Publication by Corine Geurts van Kessel, Marion Koopmans, Thijs Kuiken, Carmen Embregts, Lineke Begeman, Byron Martina
Rabies virus (RABV) is able to reach the central nervous system (CNS) without triggering a strong immune response, using multiple mechanisms to evade and suppress the host immune system. After infection via a bite or scratch from a rabid animal, RABV comes into contact with macrophages, which are the first antigen-presenting cells (APCs) that are recruited to the area and play an essential role in the onset of a specific immune response.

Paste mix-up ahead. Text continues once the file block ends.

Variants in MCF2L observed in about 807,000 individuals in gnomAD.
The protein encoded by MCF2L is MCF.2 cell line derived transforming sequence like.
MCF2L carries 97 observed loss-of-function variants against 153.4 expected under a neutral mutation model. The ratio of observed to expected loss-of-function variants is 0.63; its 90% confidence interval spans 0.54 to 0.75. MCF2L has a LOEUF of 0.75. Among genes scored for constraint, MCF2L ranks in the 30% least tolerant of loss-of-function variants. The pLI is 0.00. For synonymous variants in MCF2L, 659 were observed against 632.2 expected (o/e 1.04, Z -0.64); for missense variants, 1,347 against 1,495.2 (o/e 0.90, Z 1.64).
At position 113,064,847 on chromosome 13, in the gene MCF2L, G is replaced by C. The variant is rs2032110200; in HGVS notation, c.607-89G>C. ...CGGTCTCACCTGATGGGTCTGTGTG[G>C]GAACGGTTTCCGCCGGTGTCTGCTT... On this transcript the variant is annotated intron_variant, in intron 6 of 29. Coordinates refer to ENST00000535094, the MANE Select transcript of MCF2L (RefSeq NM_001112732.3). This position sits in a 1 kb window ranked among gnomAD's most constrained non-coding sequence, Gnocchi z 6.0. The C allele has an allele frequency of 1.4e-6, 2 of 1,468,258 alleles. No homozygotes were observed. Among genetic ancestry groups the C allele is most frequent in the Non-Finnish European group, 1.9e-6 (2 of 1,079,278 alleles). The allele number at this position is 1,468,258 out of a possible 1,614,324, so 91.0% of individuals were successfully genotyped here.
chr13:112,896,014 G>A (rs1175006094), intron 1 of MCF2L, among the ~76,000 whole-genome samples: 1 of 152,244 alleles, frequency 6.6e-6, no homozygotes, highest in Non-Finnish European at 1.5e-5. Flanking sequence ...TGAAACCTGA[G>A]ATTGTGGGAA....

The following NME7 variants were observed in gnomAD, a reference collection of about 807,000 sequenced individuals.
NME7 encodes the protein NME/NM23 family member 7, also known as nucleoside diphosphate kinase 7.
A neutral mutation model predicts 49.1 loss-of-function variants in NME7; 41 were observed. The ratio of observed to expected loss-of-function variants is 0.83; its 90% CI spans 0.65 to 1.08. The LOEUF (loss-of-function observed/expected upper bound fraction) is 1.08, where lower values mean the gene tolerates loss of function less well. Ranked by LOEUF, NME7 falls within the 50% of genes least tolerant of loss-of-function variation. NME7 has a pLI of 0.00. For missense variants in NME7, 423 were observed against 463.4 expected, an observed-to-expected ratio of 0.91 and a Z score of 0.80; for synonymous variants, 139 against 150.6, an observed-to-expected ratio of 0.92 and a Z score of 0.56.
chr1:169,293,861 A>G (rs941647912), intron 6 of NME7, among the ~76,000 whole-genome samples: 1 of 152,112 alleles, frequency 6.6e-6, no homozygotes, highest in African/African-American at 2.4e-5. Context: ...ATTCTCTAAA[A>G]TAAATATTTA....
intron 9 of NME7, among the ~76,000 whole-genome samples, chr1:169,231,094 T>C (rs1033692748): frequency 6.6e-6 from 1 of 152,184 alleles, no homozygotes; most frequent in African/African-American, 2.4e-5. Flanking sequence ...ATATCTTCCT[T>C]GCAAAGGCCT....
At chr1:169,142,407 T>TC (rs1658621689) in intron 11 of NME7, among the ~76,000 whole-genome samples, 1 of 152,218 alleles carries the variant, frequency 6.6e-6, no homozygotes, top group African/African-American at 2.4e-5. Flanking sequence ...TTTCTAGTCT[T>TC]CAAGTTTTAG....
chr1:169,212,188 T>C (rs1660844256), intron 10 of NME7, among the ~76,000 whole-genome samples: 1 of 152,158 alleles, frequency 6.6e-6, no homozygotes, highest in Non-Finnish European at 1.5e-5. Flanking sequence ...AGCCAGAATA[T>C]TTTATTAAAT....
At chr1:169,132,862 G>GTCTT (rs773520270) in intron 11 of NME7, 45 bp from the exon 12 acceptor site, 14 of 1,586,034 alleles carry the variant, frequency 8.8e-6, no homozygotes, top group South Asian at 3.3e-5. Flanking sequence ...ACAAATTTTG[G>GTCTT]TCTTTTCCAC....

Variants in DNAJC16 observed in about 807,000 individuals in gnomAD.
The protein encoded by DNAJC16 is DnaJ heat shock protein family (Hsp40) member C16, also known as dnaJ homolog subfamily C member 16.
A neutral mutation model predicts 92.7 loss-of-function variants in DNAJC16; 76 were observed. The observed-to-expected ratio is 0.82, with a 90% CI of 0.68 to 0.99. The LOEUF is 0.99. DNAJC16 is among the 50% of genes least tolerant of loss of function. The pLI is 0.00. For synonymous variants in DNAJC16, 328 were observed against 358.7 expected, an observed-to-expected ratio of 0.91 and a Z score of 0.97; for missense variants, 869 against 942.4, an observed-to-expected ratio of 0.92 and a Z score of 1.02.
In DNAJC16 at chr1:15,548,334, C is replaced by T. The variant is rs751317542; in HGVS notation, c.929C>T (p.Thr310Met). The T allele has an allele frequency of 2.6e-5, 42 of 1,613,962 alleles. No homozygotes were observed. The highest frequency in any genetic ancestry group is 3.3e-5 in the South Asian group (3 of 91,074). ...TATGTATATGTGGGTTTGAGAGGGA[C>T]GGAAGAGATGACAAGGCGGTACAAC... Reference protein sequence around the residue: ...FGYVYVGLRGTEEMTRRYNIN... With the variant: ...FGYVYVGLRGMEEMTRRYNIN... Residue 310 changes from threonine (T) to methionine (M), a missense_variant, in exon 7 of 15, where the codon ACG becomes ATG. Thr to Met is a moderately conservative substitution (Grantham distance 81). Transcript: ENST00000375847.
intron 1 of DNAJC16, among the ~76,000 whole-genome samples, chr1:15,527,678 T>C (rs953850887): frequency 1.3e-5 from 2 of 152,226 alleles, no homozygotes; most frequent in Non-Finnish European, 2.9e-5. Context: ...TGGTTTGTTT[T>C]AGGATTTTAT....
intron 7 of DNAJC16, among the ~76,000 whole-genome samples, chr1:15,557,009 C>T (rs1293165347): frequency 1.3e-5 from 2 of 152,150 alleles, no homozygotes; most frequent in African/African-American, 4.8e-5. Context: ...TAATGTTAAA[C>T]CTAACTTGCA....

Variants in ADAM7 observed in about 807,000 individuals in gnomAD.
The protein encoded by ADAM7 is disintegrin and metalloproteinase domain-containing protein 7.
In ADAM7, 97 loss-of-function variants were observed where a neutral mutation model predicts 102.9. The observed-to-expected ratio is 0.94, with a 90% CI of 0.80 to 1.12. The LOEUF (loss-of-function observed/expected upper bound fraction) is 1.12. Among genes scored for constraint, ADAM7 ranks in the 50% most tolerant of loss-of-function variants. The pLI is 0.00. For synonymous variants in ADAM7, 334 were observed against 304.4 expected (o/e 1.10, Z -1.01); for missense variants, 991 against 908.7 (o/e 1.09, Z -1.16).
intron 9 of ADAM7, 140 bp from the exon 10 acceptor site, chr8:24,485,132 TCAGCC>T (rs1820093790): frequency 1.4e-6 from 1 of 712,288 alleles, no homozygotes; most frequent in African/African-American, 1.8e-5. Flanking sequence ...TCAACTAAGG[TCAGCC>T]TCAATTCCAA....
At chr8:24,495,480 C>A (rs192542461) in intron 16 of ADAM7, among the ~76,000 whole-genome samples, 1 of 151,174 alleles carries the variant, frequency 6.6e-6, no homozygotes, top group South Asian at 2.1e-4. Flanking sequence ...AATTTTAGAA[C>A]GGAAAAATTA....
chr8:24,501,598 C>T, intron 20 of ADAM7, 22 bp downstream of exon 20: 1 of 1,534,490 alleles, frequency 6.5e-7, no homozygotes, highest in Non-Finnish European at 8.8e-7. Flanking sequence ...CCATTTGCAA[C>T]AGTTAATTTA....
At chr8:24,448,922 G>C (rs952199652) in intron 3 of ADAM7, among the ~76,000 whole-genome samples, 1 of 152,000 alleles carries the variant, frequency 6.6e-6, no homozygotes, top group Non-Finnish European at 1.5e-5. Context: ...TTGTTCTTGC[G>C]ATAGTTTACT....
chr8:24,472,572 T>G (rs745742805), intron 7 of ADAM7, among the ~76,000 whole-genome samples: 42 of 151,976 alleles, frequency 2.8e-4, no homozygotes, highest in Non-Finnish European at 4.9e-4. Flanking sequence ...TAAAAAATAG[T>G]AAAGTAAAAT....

It is poorly understood how RABV affects macrophages, and if the interaction contributes to the observed immune suppression. This study was undertaken to characterize the interactions between RABV and human monocyte-derived macrophages (MDMs). We showed that street RABV does not replicate in human MDMs.
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